Investor-State Dispute Settlement (ISDS) is a gray area in the world of wealthy corporations and governments. With arbitration courts, a corporation can sue a government over a lost investment. In fact, this applies to any company property that has been expropriated or any potential future profits that have been lost. ISDS states that the claimant is entitled to full and unlimited compensation if the courts determine that there was indeed a loss. In an arbitration court, there is a panel of three corporate arbitrators. In the panel, one lawyer is picked by the claimant (TransCanada), one by the defendant (the US), and the third is picked by the court; however, the arbitrator that is chosen to be the judge is chosen by the claimant (TransCanada). This means that the claimant ultimately has the most influence over how their case will be settled. As you can guess, this usually results in the corporation benefitting at the expense of the taxpayer.
This creates a serious concern for many countries who attempt to take on large private corporations. Small nations cannot afford to spend millions or billions of dollars on fighting lengthy lawsuits in ISDS arbitration courts. The laws could be rewritten or have exceptions provided, or there could be a settlement outside of court to benefit wealthy corporations over sovereign nations. It’s the government’s job to have the interest of their people at heart whereas corporations’ interest usually lies in their profit. Corporations have shown again and again that they do not value the health or well-being of people or the environment. They intend to use ISDS to undermine environmental regulations and democracy. TransCanada routinely uses the words “vocal activist constituency” and “politicization” to give the impression that the democratic processes at work were harmful to their business. They fail to recognize the environmental and social concerns that have resulted from their operations, instead focusing on the amount of money that would have been made. As more studies and results lead to policies that will help stabilize climate change, undoubtedly, more corporations will come forward and claim that they are being treated unfairly. They will claim that governments changing their minds is harmful and costs them money. Folks that do advocacy around legislation like the Green New Deal, clean fuels standard, and other environmental priorities will have to contend with possible ISDS cases for each of these pieces of legislation.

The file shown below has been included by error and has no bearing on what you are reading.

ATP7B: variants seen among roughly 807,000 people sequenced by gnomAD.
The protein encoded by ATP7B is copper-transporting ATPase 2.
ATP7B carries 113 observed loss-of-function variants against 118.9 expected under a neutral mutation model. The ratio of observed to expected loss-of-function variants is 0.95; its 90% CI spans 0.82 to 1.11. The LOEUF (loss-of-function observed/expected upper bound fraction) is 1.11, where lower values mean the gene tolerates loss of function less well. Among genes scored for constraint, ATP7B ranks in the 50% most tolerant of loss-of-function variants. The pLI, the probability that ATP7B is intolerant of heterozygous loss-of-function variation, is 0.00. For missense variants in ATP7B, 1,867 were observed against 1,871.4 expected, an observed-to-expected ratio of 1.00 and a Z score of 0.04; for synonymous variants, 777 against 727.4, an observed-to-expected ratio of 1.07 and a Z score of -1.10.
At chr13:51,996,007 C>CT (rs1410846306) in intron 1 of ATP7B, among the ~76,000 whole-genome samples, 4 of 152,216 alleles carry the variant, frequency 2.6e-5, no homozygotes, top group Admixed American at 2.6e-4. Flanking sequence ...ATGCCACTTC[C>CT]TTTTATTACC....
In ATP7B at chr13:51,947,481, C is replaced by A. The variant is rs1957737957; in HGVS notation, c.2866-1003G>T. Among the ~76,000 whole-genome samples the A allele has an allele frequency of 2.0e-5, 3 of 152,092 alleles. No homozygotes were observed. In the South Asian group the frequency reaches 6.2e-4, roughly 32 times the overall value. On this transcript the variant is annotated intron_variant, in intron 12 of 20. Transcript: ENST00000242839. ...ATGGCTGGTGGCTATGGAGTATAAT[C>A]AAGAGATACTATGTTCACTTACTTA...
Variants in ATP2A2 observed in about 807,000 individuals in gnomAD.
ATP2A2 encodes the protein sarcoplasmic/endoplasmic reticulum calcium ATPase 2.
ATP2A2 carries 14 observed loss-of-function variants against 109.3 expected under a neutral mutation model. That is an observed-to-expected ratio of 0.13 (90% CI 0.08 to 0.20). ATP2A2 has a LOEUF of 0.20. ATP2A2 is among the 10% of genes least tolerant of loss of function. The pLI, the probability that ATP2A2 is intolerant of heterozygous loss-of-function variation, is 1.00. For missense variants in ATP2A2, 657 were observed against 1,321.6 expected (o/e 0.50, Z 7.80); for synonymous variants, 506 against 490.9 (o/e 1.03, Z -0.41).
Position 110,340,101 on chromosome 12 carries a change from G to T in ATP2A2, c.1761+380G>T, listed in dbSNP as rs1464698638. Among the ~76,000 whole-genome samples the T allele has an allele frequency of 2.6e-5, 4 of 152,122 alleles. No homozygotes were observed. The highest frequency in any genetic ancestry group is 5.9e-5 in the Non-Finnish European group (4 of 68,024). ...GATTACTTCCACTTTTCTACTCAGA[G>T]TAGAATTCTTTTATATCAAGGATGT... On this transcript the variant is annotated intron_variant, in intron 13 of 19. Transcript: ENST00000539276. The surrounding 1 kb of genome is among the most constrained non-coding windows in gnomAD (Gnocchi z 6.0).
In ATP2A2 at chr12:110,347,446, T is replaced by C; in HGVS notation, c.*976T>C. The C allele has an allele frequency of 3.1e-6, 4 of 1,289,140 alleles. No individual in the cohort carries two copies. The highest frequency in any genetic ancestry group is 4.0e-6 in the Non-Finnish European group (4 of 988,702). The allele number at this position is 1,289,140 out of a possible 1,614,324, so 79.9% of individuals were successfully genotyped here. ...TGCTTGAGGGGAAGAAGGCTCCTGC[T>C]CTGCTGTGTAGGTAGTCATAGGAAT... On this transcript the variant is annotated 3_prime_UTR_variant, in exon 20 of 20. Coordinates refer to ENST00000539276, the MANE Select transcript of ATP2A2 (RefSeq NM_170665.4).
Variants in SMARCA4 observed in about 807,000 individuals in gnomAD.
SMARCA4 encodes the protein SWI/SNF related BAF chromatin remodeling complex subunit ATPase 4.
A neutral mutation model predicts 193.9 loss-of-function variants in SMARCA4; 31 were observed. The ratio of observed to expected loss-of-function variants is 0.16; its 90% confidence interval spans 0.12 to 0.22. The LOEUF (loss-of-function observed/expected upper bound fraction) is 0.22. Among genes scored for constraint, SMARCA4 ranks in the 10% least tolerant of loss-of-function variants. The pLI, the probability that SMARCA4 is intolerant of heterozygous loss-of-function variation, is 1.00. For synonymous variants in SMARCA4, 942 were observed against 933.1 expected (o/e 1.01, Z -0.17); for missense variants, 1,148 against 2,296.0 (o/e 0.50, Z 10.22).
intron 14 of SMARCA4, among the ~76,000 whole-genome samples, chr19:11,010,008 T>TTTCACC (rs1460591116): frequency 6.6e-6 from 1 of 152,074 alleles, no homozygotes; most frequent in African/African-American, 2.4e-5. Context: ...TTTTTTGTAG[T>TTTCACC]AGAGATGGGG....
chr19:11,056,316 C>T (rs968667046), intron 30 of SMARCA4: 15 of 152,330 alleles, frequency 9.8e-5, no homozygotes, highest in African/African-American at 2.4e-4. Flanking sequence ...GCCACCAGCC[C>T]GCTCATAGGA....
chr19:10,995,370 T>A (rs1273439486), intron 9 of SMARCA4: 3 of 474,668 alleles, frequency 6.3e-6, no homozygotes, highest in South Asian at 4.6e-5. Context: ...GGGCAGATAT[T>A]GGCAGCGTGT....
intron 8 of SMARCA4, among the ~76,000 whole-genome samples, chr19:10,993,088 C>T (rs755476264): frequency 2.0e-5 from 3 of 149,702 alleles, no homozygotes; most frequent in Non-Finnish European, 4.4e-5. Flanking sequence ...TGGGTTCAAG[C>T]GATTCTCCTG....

As the Biden Administration pushes ahead to embrace sustainable and environmentally safe policies, it highlights the amount of work needed to dismantle other dangerous pipeline projects. ISDS opens the door to trillions of US tax dollars to be spent on placating oil corporations and construction companies. Therefore, it is imperative that we speak out against Investor-State Dispute Settlements that allow corporations to operate with impunity from the law and regulatory bodies.
In plain words, TransCanada states that they have been wronged because this was the first time that a pipeline project was denied. There will be many firsts as we blaze new trails in clean and sustainable infrastructure and energy. We can’t let “the firsts” be the reason that we discontinue our path toward a cleaner and more sustainable future. We cannot afford to keep walking on eggshells around wealthy corporations who have proven time and time again, their only concern is the bottom line. Here’s the bottom line: you have to break a few eggs to make an omelet. As we forge ahead, we will have to go back on promises to corporations as new information comes to light, we will have to change and improve our longstanding policies.We must put the climate above corporations; we cannot stop our fight against climate change to pay out billions of dollars to corporations who refuse to innovate and accept new policies.